How To Have Effective Meetings

  1. Start the meetings on time, every time. Practice good time keeping habits by starting on time, keeping to time limits for agenda topics and ending on time. This means that sometimes you will need to begin your meetings before all the participants are present. Don’t accept comments from those who are late when they arrive. If you get into the habit of waiting for people to arrive, you will encourage regulars to come late, as they know the meeting will not start on time. Ending on time is respectful to all participants of the meeting. People will learn soon enough to be on time.
  2. Keep track of time, or appoint a timer and make sure s/he does the job effectively. If contributions are to be time-limited, enforce the limit. If one person regularly ignores that limit or has a tendency to meander on discussions, a timer must call time. In some meetings, a bell or tap on the table with a pen, has proven to be effective. Overstepping the time boundaries is seen as taking advantage over those who respect the meeting’s structure and can cause the meeting to run late, so affecting other people’s schedules.
  3. Define the purpose of your meeting. Take a step back and think about why you need to have the meeting. A clear definition of purpose will lead you to a clear structure for the meeting. Some common purposes are: communication of information, problem solving, decision making, strengthening relationships, building alignment, and sharing best practice. Make sure that all participants understand and buy-in to the purpose of the meeting.
  4. Stay focused. Send out an agenda before every meeting, no matter how small. This allows attendees to prepare for an effective contribution. Irrelevant topics will always crop up, especially as the number of attendees increases. Stay in control of the meeting and keep everybody focused on what you’re trying to do.
  5. Create a ‘parking lot’ for other issues. Some issues, while not appropriate to your specific meeting, do need to be dealt with. When these issues come up, take note of them and handle them after the meeting.
  6. Start your meeting with the most important items. Often, particularly in regular meetings, reports take up the first part of the meeting – even if the reporters have little to say – leaving too little time to discuss the most important matters.
  7. Set the tone. As the leader of the meeting you set the tone and model the desired behaviour. Are you formal or informal, light hearted or serious? Each of these styles will set a different tone. The leader needs to show each participant, that they are being listened to and respected. A warm genuine approach will facilitate cooperation and collaboration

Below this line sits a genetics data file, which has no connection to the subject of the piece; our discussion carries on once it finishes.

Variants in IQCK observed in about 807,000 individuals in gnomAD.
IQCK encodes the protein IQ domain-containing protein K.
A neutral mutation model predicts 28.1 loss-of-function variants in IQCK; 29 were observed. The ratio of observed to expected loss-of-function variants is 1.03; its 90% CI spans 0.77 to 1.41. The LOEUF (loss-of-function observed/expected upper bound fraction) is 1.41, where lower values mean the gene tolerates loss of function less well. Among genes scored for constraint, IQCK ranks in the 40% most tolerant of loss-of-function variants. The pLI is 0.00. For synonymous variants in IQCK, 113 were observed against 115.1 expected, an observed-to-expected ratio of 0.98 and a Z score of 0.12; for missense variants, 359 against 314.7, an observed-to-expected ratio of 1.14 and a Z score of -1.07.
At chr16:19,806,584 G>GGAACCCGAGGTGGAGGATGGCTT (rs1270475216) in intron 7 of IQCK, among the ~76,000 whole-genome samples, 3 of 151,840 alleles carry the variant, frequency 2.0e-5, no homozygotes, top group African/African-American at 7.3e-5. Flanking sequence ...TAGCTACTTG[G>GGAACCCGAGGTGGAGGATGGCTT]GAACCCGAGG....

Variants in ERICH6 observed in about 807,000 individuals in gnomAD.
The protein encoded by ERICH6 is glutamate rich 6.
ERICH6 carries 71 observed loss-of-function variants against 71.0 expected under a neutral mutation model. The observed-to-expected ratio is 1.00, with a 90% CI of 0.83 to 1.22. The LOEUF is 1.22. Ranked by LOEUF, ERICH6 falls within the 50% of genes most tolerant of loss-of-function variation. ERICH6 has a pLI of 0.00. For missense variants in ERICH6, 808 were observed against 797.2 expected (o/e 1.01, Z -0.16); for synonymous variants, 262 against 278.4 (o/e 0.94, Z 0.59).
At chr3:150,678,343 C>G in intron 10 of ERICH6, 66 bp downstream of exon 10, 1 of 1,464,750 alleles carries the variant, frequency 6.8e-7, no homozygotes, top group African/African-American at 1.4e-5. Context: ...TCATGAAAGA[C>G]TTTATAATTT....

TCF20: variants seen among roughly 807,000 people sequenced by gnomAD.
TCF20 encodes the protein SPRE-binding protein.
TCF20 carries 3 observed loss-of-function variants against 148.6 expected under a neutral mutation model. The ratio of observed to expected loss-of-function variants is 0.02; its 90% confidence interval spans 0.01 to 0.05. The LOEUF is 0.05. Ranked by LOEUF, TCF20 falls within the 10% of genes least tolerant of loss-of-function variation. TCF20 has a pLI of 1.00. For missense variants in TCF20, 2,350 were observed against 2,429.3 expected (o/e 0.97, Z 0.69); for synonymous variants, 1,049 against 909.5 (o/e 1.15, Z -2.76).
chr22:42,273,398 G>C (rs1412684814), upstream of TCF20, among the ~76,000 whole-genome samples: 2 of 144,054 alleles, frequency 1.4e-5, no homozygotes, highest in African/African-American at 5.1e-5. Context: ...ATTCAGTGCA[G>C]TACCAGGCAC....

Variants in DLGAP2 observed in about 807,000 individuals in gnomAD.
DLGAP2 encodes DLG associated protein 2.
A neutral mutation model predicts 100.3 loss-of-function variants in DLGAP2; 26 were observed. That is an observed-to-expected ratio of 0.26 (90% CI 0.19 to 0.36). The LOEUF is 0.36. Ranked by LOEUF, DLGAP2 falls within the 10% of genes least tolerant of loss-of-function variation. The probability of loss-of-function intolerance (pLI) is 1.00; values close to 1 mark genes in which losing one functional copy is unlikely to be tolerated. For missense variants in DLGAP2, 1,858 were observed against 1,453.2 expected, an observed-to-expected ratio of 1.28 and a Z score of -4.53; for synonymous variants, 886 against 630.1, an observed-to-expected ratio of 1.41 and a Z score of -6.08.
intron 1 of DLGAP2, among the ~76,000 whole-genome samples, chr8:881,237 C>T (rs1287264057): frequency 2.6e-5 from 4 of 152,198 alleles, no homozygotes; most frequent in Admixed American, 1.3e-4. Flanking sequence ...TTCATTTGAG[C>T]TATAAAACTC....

8. Don’t tolerate side-talking. For some reason, some people believe that when they speak to their neighbour during a meeting, no one else can hear them. In fact, this behaviour is both rude to whomever is legitimately speaking at the time, and is distracting to other participants in the meeting. It is the job of the person presiding over the meeting – not necessarily the person who is speaking at the time – to stop this. Examples of appropriate comments at such a time include, “One meeting at a time, please.” “If this is urgent, can you take it outside, please?” “No side-taking allowed.” Another response can be for the speaker to stop speaking and simply look at the offenders while waiting for the side-talking to end before resuming the meeting’s official business.
  9. Balance control and flexibility. Run the meeting, but do it with balance. Your role is to keep the meeting on track, moving towards achieving its purpose and agenda. But be flexible enough to explore a new idea or approach even if at first it does not seem to move towards achieving your objectives. Have fun and encourage people to communicate in an appropriate but playful way. A serious idea does not have to be heavy hearted and morose. Laughter is an energising force. Contrary to old-school beliefs, time is not necessarily wasted by adding levity and humour.
  10. Review and evaluate. On a regular basis review and seek feedback on how well the meeting is being received and if it is achieving its purpose. If it is not, try a different approach using the techniques above. Alternatively consider bringing in a professional coach / facilitator to intervene.
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